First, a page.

Chicago Blackhawks forward Joey Anderson has a pretty good idea about what most people think of his playing style.
“My style of play isn’t necessarily exciting,” Anderson said.
Anderson isn’t fast. He isn’t going to skate through opponents. He isn’t going to deceive a goalie with his shot. He isn’t going to sell jerseys. He’s basically on the opposite end of the hockey spectrum of someone like Connor Bedard.
But Anderson is effective.
Take for example these analytics from Stathletes. He leads all Blackhawks forwards and is 11th in the league in deflections causing turnovers per 60 minutes. Also, since making his season debut in November, 51.6 percent of his puck possession per game (31 seconds) has occurred in the offensive zone. That’s the highest rate on the Blackhawks.
According to Evolving Hockey’s goals above replacement (GAR) metric, only Alex Vlasic, Jason Dickinson and Nick Foligno have had more of an all-around impact on the Blackhawks than Anderson this season.
So, while he might not be the prettiest skater or the most exciting player, Anderson does get the job done.
Just ask Foligno.
“I didn’t know much about him, to be honest with you,” Foligno said on Sunday. “I’ve heard his name and we played against each other a little bit, but I’m so impressed with how consistent he’s been, too, and just the way he’s played and knows who he is. I think that sometimes comes with age, too. You can see he’s really confident in who he is as a player. He’s kind of found that role and done that, never tried to change. He’s made some great plays, too, offensively, but he’s always stayed within the structure of a good defensive forward and really reliable in all the aspects that they put him in. He’s a lot of fun to play with.”
And that’s been the case for most of Anderson’s career. His analytics have been pretty positive since he broke into the NHL with the New Jersey Devils in 2018-19. What he’s lacked is a consistent NHL opportunity, though. The reason for that largely goes back to his playing style. If teams have the option between Anderson and someone who plays more aesthetically and/or has a potential higher ceiling, the other player often wins out. Asked about Anderson, a number of NHL scouts described him as a poor skater who lacks foot speed.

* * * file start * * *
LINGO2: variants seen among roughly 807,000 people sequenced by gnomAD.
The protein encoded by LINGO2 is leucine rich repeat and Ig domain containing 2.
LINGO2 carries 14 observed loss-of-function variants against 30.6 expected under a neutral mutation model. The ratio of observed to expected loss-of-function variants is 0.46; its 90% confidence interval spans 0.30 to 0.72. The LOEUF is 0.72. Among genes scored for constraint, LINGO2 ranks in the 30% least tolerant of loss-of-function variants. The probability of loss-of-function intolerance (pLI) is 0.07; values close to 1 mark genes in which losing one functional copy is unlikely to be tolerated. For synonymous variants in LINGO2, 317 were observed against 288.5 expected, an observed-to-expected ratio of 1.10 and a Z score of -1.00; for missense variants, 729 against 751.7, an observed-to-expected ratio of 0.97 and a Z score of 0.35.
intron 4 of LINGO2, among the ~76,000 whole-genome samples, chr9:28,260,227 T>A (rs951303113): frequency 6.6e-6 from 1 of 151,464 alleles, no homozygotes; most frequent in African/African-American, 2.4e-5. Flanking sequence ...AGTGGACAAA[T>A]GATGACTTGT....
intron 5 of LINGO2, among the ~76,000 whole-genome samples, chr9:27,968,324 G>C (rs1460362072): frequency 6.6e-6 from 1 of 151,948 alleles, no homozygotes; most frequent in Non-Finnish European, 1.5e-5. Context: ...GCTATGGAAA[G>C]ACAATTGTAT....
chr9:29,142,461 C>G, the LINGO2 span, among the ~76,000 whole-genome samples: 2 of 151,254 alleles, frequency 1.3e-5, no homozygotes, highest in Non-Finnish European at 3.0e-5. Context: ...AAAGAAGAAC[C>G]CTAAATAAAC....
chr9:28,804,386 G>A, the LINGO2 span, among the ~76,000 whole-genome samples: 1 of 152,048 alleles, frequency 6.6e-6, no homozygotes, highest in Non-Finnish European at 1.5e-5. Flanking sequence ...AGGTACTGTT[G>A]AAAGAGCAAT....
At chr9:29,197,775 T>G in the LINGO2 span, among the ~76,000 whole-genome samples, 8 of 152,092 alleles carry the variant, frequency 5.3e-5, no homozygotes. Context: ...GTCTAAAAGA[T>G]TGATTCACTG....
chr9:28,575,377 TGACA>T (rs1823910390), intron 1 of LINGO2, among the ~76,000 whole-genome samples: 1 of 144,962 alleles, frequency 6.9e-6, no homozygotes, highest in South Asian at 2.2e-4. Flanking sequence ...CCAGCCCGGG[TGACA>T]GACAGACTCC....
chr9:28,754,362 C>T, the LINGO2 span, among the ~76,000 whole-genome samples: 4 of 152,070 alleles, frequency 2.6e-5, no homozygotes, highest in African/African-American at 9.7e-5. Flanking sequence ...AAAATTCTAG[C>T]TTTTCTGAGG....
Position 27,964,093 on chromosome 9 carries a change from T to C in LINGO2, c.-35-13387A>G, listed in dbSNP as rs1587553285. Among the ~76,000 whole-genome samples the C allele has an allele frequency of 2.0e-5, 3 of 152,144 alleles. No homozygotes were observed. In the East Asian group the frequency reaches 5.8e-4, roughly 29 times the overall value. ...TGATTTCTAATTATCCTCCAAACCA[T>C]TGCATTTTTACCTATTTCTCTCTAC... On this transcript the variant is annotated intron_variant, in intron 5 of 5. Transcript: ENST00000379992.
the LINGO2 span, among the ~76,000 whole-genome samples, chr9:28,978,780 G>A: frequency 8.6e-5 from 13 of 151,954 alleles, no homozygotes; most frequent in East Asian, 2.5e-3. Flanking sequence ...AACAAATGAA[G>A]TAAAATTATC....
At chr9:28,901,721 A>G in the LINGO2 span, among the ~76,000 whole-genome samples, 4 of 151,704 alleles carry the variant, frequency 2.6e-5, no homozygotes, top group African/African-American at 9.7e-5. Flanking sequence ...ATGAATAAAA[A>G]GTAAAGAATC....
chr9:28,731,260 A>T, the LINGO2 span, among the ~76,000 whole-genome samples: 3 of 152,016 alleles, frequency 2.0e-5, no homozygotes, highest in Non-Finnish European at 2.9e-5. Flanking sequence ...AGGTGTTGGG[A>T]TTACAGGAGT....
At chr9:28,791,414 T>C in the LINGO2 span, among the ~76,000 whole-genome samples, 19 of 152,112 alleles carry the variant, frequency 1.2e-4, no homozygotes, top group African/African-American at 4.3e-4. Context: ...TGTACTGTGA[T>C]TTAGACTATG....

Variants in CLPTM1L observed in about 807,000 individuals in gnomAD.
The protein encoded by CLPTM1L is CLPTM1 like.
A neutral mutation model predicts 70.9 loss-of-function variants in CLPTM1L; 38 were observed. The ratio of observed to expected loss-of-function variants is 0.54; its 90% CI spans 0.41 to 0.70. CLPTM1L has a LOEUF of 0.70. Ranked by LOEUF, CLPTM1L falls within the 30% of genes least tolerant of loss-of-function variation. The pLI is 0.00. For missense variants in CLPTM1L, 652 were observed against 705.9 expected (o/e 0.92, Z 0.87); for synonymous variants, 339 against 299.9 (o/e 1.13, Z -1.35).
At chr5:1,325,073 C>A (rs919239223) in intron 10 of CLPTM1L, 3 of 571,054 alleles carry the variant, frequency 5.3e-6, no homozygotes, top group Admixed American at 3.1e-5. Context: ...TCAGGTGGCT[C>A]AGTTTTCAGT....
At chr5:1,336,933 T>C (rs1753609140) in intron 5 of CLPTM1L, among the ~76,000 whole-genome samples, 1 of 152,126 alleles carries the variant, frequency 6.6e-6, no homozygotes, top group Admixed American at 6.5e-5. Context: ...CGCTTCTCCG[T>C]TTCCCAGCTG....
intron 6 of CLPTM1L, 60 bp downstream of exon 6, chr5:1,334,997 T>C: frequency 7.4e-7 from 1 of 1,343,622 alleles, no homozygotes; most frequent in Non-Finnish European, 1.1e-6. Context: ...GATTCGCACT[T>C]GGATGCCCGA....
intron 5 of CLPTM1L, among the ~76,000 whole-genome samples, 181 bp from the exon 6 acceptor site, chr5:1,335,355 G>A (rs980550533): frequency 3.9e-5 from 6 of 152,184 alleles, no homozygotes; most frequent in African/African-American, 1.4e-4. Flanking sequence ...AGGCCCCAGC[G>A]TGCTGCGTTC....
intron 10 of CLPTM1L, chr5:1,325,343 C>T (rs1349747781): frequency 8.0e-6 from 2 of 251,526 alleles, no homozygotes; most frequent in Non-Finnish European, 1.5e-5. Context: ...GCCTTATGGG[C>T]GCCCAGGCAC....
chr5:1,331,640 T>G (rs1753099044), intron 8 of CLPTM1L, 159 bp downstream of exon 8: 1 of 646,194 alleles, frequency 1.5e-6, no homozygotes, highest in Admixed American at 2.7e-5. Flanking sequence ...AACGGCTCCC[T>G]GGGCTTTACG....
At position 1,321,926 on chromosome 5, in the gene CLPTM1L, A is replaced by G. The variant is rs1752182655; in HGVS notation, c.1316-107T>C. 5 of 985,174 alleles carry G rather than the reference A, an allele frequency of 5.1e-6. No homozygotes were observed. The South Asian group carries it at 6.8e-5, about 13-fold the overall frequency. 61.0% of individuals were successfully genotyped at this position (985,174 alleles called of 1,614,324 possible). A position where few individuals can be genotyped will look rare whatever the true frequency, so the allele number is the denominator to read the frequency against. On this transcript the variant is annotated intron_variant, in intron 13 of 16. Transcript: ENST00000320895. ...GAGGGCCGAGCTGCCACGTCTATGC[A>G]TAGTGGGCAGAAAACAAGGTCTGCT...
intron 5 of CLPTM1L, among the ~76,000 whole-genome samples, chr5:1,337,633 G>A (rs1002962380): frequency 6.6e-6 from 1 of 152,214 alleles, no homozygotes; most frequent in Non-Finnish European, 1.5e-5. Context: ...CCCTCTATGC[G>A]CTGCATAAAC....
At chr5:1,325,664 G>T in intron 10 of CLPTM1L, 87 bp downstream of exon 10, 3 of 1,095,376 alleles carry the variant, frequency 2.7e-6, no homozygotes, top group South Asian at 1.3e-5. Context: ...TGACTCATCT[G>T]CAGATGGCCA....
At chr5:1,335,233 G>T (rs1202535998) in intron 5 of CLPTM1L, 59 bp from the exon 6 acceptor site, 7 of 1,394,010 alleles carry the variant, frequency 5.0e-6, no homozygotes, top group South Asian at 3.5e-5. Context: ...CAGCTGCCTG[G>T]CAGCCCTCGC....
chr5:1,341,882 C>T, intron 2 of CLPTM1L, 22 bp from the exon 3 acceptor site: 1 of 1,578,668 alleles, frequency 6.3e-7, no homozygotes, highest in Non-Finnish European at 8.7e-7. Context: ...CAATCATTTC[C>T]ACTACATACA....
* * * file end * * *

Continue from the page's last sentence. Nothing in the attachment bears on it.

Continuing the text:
The Blackhawks didn’t use those exact words, but their decision to put Anderson through waivers and send him to the Rockford IceHogs out of training camp was their own way of saying it. The Blackhawks made room for some incoming veterans and younger players and decided to move Anderson out.
Anderson understood the situation. He’s also gotten better about handling those decisions and worrying less about the big picture. With age — he’ll turn 26 in June — and now having a family, he’s learned to stay in the moment and focus on the present.
“You know what, there were so many bodies here,” Anderson said of the Blackhawks assigning him to Rockford. “It’s one of those things like, you’re hoping you’re still up, but you can’t control that. You just go down, you have a good attitude when you go to Rockford and that’s exactly what I did. I had a great time with that group, and we had a lot of fun and the hockey is great. Like I said, you can’t control where you’re at, so you just show up every day, you try and help the guys there get better, and in turn, you get better and find success because I’m helping other guys have success and vice versa. So I think that’s been a big thing for me, I’m just trying to have that positive attitude no matter where I go.”